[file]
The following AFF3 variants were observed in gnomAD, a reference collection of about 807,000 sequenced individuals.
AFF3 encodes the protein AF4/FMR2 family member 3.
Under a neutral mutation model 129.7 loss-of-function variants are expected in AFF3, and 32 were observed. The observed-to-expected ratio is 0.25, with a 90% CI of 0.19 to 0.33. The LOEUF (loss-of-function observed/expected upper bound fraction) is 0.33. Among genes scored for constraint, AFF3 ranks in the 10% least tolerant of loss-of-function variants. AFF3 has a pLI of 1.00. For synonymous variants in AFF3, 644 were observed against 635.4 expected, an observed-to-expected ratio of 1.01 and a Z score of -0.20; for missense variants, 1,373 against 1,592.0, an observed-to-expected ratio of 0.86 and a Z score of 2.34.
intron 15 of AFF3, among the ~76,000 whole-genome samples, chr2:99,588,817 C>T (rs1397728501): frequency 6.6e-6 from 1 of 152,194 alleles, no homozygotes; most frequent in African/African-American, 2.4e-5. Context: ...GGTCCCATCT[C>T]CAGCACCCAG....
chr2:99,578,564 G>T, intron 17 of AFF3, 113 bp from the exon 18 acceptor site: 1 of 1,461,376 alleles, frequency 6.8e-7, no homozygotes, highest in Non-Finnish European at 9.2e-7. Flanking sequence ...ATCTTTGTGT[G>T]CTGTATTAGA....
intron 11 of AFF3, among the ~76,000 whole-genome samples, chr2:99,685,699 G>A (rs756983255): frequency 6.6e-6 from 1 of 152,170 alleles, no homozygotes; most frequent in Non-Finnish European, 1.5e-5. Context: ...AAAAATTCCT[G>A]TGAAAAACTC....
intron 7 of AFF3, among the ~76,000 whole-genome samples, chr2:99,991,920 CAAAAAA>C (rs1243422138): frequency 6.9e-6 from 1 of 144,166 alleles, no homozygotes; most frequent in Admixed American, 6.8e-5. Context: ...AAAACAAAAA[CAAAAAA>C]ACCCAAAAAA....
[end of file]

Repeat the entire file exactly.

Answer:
The following AFF3 variants were observed in gnomAD, a reference collection of about 807,000 sequenced individuals.
AFF3 encodes the protein AF4/FMR2 family member 3.
Under a neutral mutation model 129.7 loss-of-function variants are expected in AFF3, and 32 were observed. The observed-to-expected ratio is 0.25, with a 90% CI of 0.19 to 0.33. The LOEUF (loss-of-function observed/expected upper bound fraction) is 0.33. Among genes scored for constraint, AFF3 ranks in the 10% least tolerant of loss-of-function variants. AFF3 has a pLI of 1.00. For synonymous variants in AFF3, 644 were observed against 635.4 expected, an observed-to-expected ratio of 1.01 and a Z score of -0.20; for missense variants, 1,373 against 1,592.0, an observed-to-expected ratio of 0.86 and a Z score of 2.34.
intron 15 of AFF3, among the ~76,000 whole-genome samples, chr2:99,588,817 C>T (rs1397728501): frequency 6.6e-6 from 1 of 152,194 alleles, no homozygotes; most frequent in African/African-American, 2.4e-5. Context: ...GGTCCCATCT[C>T]CAGCACCCAG....
chr2:99,578,564 G>T, intron 17 of AFF3, 113 bp from the exon 18 acceptor site: 1 of 1,461,376 alleles, frequency 6.8e-7, no homozygotes, highest in Non-Finnish European at 9.2e-7. Flanking sequence ...ATCTTTGTGT[G>T]CTGTATTAGA....
intron 11 of AFF3, among the ~76,000 whole-genome samples, chr2:99,685,699 G>A (rs756983255): frequency 6.6e-6 from 1 of 152,170 alleles, no homozygotes; most frequent in Non-Finnish European, 1.5e-5. Context: ...AAAAATTCCT[G>A]TGAAAAACTC....
intron 7 of AFF3, among the ~76,000 whole-genome samples, chr2:99,991,920 CAAAAAA>C (rs1243422138): frequency 6.9e-6 from 1 of 144,166 alleles, no homozygotes; most frequent in Admixed American, 6.8e-5. Context: ...AAAACAAAAA[CAAAAAA>C]ACCCAAAAAA....